Profit dropped 94 percent in the 2017, to TT$488,000, for the December quarter before tax, from $8.5 million in 2016, but rose to $1.9 million after a tax credit of $1.4 million from a net profit of just $400,000 in 2016. For the year, the media house recorded a loss of TT$3 million after tax, from a profit after tax of $6.3 million in 2016, resulting in negative earnings per share of 8 cents.
Revenues fell 20.6 percent in the December 2017 quarter to TT$36 from $45 million and 16 percent to TTS$138 million from $164 million for the year.
The 2017 results is in stark contrast to 2015 when the company posted $35 million after tax and TT$34 million in 2014 from revenues in excess of $195 million for both years.
Cash flow brought in amounted to TT$20 million but capital payments and investments activities including paying $24 million in dividends used up $27 million, leaving cash at $72 million. Shareholders’ equity at the end of December, stood at TT$278 million, down from $305 million in 2016. Current assets ended the year at TT$131 million well ahead of current liabilities of TT$49 million.
According to the company’s chairman Peter Clarke, in his report included with the results, “2017 was a year of transition for Guardian Media as it implemented a number of planned structural changes. These changes included: (1) print automation systems to improve efficiency; (2) internal restructuring to lower the cost base and further improve the efficiency and quality of content creation and (3) re-alignment of teams to better serve our customers and fully equip the company for the digital media landscape. The one-time costs of these changes are reflected in these results. Parallel to this, the country’s economic slowdown has had a considerable impact on advertising spend across all sectors.”
The stock last traded at TT$17.98 in November on the Trinidad and Tobago Stock Exchange (TTSE), but now has an offer at $16.38. Net asset value is TT$6.66 per stock, with the stock offered for sale at 2.46 times book value. The company is a subsidiary of Ansa McAl which is also listed on the TTSE.

Angostura Holdings 2017 profit drops 9%

Angostura Holdings aged rum.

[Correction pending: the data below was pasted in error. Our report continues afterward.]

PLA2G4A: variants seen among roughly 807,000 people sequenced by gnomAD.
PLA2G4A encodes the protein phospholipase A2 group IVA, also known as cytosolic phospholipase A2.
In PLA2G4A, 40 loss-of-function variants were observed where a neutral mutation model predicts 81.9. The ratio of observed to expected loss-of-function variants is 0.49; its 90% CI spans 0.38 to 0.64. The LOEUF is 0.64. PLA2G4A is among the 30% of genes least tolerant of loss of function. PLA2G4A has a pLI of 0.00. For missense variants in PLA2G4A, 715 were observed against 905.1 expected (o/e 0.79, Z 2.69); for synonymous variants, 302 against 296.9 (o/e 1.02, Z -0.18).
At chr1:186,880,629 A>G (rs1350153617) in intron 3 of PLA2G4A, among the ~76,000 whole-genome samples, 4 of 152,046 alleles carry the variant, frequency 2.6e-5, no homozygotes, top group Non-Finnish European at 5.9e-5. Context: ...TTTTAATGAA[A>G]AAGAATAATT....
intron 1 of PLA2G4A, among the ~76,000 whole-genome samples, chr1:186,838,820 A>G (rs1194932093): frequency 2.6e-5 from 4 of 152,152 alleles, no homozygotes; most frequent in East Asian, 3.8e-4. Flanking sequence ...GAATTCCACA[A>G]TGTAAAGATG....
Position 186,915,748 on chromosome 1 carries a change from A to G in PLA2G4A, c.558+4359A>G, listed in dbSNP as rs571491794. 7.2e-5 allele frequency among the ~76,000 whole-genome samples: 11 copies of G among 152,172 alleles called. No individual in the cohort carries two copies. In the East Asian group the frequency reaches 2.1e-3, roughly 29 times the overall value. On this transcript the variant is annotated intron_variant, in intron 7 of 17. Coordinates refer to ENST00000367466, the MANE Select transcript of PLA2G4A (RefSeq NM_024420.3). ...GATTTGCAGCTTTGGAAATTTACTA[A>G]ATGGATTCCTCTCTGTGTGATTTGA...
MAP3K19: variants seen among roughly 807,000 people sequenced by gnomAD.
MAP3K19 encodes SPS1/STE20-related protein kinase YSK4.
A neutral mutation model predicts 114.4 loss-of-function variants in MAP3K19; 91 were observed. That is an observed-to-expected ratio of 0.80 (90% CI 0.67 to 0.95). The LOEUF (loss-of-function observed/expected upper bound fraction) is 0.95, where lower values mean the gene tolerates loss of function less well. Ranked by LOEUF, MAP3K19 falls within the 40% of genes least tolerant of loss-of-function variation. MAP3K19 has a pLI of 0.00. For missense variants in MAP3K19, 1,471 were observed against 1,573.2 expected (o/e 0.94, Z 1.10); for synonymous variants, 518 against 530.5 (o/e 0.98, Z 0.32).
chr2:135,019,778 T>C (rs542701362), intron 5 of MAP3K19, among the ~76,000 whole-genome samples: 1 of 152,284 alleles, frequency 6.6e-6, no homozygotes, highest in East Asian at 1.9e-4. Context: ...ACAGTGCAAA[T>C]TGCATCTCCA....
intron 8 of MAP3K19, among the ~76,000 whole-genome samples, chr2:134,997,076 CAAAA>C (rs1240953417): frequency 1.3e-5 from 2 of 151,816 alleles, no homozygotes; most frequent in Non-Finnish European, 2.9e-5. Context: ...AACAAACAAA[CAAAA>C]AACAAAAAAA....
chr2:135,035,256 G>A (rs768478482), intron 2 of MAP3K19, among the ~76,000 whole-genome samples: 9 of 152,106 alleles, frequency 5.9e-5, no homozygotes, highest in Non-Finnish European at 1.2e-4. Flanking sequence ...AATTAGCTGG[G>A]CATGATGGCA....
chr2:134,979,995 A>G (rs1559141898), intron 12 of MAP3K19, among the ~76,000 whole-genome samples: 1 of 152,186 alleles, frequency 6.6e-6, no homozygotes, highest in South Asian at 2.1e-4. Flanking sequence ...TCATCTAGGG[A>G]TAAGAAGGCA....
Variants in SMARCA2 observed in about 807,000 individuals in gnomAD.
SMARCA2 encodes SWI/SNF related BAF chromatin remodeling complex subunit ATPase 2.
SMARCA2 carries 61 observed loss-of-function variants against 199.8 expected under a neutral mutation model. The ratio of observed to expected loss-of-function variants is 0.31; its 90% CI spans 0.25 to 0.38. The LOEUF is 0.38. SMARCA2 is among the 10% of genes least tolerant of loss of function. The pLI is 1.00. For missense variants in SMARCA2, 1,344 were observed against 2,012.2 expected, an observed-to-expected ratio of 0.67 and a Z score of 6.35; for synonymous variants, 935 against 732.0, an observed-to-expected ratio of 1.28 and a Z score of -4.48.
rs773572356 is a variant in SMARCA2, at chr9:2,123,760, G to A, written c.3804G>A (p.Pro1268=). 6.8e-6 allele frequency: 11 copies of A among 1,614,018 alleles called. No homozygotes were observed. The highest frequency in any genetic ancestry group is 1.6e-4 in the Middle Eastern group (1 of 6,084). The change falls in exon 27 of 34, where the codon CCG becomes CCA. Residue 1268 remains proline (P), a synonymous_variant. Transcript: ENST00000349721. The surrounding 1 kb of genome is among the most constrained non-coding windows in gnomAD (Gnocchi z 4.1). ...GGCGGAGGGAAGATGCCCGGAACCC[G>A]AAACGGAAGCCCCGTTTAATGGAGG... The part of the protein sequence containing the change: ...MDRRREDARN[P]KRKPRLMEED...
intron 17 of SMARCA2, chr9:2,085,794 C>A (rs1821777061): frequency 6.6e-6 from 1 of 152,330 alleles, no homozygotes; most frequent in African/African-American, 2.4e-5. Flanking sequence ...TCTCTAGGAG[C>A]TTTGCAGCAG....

Profit at Trinidad’s Angostura Holdings dropped 8 percent in the 2017, to TT$154 million before tax on profit and was down 9 percent to TT$111 million after tax.
The 2017 out turn, resulted in earnings per share of 54 cents, with profit coming from a 7 percent fall in sale revenues, to TT$575 million. Profit declined sharply from 2015 when the company posted $164 million after tax, compared to TT$153 million in 2014 and TT$122 in 2016.
Despite the fall in sales gross profit margin rose to 64 percent from 60 percent in the 2016, as operating cost fell 18 percent. Other income declined to a loss of TT$6 million from a loss of TT$1 million while interest income rose to TT$2.3 million from TT$642,000 in 2016.
Marketing and sales expenses declined by 4 percent to TT$131 million while administrative expenses rose a hefty 24 percent to TT$82 million from TT$66 million in 2016. Finance cost declined to TT$844,000 from TT$1 million in 2016.
Cash flow brought in TT$161 million but capital payments and receipts included put aside in net new investments of TT$118 million resulted in net outflows of TT$30 after paying TT$56 million in dividends.  Shareholders’ equity stands at TT$982 million at the end of December, with borrowings at just TT$20 million. Current assets ended the period TT$765 million well ahead of current liabilities of TT$98 million and cash and investment rose to TT$369 million from TT$281 million in 2016.
The stock traded at TT$15.70 on the Trinidad and Tobago Stock Exchange with a PE ratio of 29 times 2017 earnings. The company paid a dividend of 27 cents down from 32 cents in 2016. Net asset value is TT$4.78 with the stock selling at 3.28 book value.
In spite of the fall in profit since 2015, the stock price have remained around the $16 range from then resulting in the PE ratio rising sharply by nearly 50 percent.

Purity can turn around 2017 loss this year

Consolidated Bakeries (Purity) make a loss in 2017 but could return to profit in 2018.

Profit melted away at Consolidated Bakeries for 2017 with a loss of $40 million down from a profit of $10 million in 2016 from sale revenues that slipped from $880 million to $863 million.
The company continued the loss right through to the year with a loss of $9 million before differed tax charge in the final quarter but the 2017 loss was lower than the loss of $20 million in the same period in 2016. Closer examination of the results show hope for the company going forward, into 2018
While revenues for the year fell 2 percent it rose 10 percent in the December quarter and helped to improve gross profit to 39 percent from just 31 percent in 2016 quarter. The 2017 final quarter was also much higher than the 35 percent for the full year.
Cost appeared mixed, with marketing and sales expenses rising 31 percent to $55 million and 17 percent to $158 million as this category of cost out stripped revenues by a big margin.
Administrative expenses fell 41 percent to $23 million in the quarter and fell 3 percent for the year to $158 million. Finance cost jumped in the quarter, to $16 million from $7 million, in 2016 and from $12 million to $19 million for the year.

Consolidated Bakeries Miss Birdie Easter bun.

Revaluation of the Jamaican dollar cost the company $4 in the final quarter and resulted in reduction in other income ending with a negative $2.5 million versus $5.5 in 2016 and just 875,000 for the full year versus $9 million, while the big jump in Finance cost in the December quarter seems to be one off, as such without these two items the company would have reported a profit for the quarter and augurs well for the 2018 results.